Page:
I gave the presentation for approximately forty students aged 16-18, taught them the dangers of climate change and landfill/food waste, and gave them preventative measures (using the reduce, reuse, recycle method). Then I provided a google form asking what they learned and what they planned on implementing in their daily lives.
How Did The Project Unfold?
It was extremely nerve wracking to stand in front of students my age and teach them about something many of them didn’t even believe in. I felt as if they were judging me, just waiting for the presentation to end.
However, I realized that was mostly just my anxiety talking and that at least the majority of the students were actively listening to the presentation and not judging me in reality. Even if they were, that wasn’t my problem; I was here for the students who actually listened, who actually cared. The interest of these students was greater than I realized, which was proved through my form results.
Overall, I was beyond happy with the results. Most students said that they would recycle and turn off lights and water when not in use, and that they learned for the first time just how much food was being wasted annually and how dangerous landfills are for the environment.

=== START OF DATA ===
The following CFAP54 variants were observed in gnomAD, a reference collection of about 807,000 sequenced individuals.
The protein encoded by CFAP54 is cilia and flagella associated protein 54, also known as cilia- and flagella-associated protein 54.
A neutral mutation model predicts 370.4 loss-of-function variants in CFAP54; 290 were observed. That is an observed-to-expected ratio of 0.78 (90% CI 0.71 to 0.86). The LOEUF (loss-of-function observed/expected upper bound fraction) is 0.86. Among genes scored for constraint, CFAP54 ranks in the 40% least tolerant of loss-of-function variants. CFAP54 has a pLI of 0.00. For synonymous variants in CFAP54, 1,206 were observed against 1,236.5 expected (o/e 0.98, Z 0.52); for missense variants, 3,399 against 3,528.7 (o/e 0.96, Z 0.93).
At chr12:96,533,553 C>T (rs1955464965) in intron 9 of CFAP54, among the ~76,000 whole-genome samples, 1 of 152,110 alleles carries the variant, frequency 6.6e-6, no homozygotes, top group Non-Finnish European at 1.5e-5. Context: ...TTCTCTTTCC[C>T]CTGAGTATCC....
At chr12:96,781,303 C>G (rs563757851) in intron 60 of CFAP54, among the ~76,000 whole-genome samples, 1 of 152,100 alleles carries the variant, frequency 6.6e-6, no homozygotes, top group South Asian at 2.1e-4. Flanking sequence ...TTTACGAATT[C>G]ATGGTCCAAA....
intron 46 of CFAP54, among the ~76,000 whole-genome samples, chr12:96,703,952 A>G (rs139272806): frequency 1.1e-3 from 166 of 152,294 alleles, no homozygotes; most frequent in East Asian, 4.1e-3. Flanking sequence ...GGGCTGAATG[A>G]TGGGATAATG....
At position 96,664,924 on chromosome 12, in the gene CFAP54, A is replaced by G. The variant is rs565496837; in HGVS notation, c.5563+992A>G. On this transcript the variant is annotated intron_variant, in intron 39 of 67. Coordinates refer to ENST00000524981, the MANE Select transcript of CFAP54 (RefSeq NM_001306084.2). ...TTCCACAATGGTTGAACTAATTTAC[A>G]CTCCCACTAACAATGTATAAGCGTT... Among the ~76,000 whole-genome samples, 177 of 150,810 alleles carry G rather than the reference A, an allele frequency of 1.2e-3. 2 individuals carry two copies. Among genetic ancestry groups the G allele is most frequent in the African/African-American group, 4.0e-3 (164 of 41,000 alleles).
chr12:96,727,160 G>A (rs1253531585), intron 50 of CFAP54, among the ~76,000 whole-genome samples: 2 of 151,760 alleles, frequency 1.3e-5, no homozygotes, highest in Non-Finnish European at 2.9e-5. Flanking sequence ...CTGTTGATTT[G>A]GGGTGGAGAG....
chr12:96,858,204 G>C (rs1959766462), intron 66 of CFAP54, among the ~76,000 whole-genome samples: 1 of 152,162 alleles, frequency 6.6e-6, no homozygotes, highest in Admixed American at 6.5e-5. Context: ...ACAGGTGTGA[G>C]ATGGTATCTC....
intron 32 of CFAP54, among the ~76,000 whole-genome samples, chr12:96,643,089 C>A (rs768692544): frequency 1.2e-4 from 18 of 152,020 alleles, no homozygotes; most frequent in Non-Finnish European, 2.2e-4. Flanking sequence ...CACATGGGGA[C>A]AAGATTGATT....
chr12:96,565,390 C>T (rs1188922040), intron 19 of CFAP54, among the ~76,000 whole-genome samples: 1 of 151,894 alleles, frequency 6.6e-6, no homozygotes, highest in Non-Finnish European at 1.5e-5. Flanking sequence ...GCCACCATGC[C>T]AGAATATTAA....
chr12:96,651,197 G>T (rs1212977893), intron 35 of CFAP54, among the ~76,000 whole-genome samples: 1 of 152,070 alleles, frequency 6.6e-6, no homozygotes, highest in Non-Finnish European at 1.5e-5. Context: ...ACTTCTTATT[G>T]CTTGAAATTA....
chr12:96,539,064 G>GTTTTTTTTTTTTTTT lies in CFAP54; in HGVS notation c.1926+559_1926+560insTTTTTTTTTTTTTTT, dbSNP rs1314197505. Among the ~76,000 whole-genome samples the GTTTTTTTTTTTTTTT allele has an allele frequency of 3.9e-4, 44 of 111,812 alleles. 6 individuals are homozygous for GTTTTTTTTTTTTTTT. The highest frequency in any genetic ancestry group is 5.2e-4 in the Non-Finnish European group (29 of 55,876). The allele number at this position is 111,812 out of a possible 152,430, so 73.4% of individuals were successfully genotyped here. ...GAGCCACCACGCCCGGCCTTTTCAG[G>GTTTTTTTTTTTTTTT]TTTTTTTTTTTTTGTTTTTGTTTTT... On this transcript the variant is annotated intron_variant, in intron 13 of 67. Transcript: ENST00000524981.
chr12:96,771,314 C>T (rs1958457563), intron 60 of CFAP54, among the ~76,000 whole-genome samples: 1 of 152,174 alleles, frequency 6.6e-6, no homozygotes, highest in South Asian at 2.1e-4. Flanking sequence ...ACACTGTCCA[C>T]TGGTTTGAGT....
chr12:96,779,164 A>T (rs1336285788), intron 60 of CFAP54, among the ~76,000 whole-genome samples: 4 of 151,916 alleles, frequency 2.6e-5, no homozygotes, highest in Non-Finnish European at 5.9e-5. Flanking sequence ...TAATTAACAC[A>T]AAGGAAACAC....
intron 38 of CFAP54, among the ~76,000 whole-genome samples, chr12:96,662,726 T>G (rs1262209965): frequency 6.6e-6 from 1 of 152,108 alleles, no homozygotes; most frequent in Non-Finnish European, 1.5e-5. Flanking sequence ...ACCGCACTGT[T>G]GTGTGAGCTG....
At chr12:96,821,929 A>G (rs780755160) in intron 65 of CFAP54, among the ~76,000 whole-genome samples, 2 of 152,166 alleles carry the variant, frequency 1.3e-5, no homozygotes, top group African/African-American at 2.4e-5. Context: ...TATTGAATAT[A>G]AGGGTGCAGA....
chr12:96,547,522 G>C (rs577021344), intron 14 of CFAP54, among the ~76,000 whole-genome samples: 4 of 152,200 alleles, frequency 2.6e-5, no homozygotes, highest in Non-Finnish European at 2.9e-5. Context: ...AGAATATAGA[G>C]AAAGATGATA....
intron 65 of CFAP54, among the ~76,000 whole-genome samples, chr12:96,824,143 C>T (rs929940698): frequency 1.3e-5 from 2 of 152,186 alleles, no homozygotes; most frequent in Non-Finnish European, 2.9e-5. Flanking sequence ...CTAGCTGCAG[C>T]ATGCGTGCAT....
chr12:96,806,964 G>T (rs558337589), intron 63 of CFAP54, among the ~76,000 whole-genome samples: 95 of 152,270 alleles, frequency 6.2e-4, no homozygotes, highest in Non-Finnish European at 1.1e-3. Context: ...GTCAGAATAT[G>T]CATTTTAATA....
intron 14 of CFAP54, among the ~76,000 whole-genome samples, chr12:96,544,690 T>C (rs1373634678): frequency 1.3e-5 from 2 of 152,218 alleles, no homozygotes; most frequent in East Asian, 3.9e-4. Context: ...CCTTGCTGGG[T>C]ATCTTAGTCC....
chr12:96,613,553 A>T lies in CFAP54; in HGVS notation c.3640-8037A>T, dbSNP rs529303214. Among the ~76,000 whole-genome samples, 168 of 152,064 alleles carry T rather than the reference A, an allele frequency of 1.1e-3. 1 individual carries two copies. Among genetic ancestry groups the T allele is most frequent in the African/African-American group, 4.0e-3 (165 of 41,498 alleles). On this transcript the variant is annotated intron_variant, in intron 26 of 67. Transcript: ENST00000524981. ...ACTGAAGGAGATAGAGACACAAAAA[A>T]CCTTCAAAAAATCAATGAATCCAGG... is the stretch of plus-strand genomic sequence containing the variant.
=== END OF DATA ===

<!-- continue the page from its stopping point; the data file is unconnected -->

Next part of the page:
I understand that not every student was enthusiastic about the presentation because they were high schoolers who were required to be there, but I do feel as if I genuinely connected with at least a few of the students. And I still feel as if those students who weren’t extremely passionate or engaged still learned something, and now important climate information they had never known before was at least in their minds. My goal was to raise awareness about the issues of climate change, and I certainly feel as if I accomplished that.
What Did I Learn From The Project?
A lot of results emerged from this project that I really didn’t expect. First of all, I learned more about climate change than I expected–the aforementioned staggering statistics of food waste, the dangers of landfills and of methane, and much more. I felt more urged to action after learning these alarming facts, and I had heightened personal motivation to do this project after my beginning research.